Sweden Just Reinstated The Draft, This Time For Women Too

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Navy photo by Mass Communication Specialist 1st Class America A. Henry

Sweden just brought back conscription — and this time, women will be required to sign up too. Under the plan approved on Mar. 3, all of Sweden’s 18-year-olds could be called on to sign up for service each year.


Sweden did away with compulsory service seven years ago because voluntary participation was high, but the country decided to return to the draft in order to bolster readiness. Swedes who want to sign up voluntarily will still be able to serve as well.

It is rumored that the decision comes as a response to Russian aggression and the renewal of Cold War tensions.

According to Fox, “There have also been reports of airspace violations by Russia's military aircraft in the Baltics and a military buildup in the Russian enclave of Kaliningrad, which sits across the Baltic Sea from Sweden.”

Right now, the Swedish armed forces consist of about 20,000 service members, 84% male and 16% female. Sweden expects 13,000 young people will be called upon now, and 4,000 will be enrolled each year.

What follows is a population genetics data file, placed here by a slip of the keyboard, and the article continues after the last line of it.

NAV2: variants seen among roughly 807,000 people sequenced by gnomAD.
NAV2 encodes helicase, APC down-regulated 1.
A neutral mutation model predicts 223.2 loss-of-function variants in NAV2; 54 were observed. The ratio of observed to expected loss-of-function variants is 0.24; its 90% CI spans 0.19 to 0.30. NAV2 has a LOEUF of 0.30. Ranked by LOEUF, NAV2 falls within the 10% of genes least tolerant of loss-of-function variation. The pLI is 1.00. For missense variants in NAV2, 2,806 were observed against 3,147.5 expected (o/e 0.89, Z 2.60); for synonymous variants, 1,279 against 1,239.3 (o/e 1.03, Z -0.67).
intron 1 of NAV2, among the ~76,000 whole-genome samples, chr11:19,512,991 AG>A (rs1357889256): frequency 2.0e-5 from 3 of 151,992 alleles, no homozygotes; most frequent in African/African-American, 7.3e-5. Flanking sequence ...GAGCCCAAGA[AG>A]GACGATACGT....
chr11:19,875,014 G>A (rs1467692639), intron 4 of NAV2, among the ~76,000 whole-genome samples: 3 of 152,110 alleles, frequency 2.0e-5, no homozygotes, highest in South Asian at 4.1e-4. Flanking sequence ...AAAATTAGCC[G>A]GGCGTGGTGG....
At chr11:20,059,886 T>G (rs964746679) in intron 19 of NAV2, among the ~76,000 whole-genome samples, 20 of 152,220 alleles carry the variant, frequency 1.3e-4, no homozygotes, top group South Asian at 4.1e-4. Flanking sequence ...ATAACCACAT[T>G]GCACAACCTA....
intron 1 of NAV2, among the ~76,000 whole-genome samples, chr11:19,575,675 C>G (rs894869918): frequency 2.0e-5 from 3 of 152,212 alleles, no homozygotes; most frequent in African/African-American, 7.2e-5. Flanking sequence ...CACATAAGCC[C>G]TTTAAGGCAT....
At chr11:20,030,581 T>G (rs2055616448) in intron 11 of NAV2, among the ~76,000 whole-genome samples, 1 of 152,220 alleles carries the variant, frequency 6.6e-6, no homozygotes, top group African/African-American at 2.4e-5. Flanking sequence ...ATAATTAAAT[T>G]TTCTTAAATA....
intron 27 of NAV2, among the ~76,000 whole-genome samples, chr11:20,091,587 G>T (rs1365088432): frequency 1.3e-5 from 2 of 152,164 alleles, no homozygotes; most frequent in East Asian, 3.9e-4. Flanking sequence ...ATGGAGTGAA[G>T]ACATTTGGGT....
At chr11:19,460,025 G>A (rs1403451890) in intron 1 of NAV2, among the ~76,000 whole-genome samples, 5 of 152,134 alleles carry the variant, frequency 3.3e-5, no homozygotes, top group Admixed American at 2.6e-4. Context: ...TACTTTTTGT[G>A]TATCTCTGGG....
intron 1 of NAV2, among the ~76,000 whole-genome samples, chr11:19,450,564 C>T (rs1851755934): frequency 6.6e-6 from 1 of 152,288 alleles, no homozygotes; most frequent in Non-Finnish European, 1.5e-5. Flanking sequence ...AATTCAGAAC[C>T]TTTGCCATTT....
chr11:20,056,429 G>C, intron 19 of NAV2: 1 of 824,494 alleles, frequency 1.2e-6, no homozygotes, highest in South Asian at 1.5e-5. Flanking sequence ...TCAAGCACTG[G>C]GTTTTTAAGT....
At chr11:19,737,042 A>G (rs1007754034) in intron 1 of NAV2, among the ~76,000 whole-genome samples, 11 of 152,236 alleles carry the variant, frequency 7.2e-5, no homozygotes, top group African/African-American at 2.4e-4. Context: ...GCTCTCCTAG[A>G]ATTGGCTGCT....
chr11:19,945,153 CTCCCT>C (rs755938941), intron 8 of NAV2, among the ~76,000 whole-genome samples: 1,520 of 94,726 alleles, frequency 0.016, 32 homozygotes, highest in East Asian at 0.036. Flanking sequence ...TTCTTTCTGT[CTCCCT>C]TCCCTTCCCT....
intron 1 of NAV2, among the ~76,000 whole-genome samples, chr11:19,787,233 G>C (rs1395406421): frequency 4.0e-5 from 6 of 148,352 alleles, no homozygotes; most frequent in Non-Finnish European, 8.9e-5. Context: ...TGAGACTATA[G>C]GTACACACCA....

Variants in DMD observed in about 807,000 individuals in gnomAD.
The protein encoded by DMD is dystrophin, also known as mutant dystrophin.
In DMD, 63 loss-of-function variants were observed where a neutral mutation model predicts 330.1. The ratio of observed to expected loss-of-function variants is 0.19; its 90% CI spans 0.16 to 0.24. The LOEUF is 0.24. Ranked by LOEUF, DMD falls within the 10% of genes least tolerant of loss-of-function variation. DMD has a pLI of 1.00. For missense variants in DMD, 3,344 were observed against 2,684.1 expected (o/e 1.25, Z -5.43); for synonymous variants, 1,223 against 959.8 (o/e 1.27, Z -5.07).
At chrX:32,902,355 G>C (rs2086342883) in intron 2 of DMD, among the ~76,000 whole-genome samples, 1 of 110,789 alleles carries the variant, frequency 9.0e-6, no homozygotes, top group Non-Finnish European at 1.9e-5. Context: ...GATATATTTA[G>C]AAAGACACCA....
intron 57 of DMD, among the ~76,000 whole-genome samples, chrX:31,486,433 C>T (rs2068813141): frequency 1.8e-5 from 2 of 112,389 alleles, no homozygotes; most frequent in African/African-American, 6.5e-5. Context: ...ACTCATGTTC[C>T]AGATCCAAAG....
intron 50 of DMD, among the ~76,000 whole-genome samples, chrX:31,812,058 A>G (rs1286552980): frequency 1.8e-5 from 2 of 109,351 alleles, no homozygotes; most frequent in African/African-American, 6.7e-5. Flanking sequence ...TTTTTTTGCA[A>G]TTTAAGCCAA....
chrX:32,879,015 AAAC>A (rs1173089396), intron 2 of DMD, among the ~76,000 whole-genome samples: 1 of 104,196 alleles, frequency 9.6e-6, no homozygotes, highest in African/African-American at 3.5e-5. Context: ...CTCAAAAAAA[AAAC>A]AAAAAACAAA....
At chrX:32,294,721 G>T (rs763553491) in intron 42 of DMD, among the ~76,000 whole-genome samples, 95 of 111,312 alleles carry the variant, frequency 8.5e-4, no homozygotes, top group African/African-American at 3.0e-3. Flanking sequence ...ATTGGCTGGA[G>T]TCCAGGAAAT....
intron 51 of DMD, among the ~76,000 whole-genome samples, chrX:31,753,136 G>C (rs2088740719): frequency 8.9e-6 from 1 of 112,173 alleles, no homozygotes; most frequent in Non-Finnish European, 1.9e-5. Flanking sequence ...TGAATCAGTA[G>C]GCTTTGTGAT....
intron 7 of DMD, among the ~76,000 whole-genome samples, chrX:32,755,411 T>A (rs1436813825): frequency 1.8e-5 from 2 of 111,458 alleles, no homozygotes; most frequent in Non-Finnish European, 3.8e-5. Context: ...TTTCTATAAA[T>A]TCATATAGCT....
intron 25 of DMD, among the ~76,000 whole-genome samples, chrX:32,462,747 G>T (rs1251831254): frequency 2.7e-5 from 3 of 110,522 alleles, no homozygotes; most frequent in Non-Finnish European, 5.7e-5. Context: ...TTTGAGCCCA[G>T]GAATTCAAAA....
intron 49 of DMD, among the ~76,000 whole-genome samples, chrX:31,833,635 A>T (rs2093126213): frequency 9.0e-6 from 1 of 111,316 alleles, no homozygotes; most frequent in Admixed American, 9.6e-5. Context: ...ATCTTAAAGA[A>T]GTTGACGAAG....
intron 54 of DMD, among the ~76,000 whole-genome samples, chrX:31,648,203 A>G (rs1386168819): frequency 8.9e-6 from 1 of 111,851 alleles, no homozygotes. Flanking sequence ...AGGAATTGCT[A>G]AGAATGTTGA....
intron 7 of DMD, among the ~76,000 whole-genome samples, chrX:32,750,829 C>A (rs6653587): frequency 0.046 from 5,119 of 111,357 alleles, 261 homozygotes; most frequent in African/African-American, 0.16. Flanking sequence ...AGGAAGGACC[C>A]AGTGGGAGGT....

Bolstering troop numbers is also intended to help Swedes respond to natural disasters, oil spills, or cyberattacks that could disrupt power and water supplies, according to The New York Times. But there is no doubt that the Swedish authorities had Russia at the forefront of their minds when making this decision.

Fox also reported that Micael Byden, head of Sweden's armed forces, said an additional 6.5 billion kronor [$718 million] would be required to increase the country's military capabilities in the coming years.

The country joins a number of others around the world that currently require women to sign up for the draft, including Israel, Norway, North Korea, and China.

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